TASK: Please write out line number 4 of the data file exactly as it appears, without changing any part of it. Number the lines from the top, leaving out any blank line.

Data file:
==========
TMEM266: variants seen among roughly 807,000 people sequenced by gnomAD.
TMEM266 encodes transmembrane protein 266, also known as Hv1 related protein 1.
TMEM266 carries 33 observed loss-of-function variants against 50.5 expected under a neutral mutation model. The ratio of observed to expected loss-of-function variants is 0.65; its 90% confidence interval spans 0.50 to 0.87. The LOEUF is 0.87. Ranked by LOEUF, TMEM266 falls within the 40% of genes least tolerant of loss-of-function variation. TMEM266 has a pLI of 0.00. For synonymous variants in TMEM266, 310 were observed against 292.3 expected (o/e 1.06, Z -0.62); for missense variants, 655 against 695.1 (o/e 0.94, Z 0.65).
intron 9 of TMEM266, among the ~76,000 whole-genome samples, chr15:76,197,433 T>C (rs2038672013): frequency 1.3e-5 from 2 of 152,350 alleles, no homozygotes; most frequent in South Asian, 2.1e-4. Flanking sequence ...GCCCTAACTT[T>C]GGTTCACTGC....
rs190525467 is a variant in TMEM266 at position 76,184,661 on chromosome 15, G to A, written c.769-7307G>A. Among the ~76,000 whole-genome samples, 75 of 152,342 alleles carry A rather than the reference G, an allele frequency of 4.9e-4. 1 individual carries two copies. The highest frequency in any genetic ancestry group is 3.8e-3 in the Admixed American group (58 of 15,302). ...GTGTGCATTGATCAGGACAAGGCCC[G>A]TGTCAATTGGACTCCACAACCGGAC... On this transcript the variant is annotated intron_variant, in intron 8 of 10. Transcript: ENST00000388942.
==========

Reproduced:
intron 9 of TMEM266, among the ~76,000 whole-genome samples, chr15:76,197,433 T>C (rs2038672013): frequency 1.3e-5 from 2 of 152,350 alleles, no homozygotes; most frequent in South Asian, 2.1e-4. Flanking sequence ...GCCCTAACTT[T>C]GGTTCACTGC....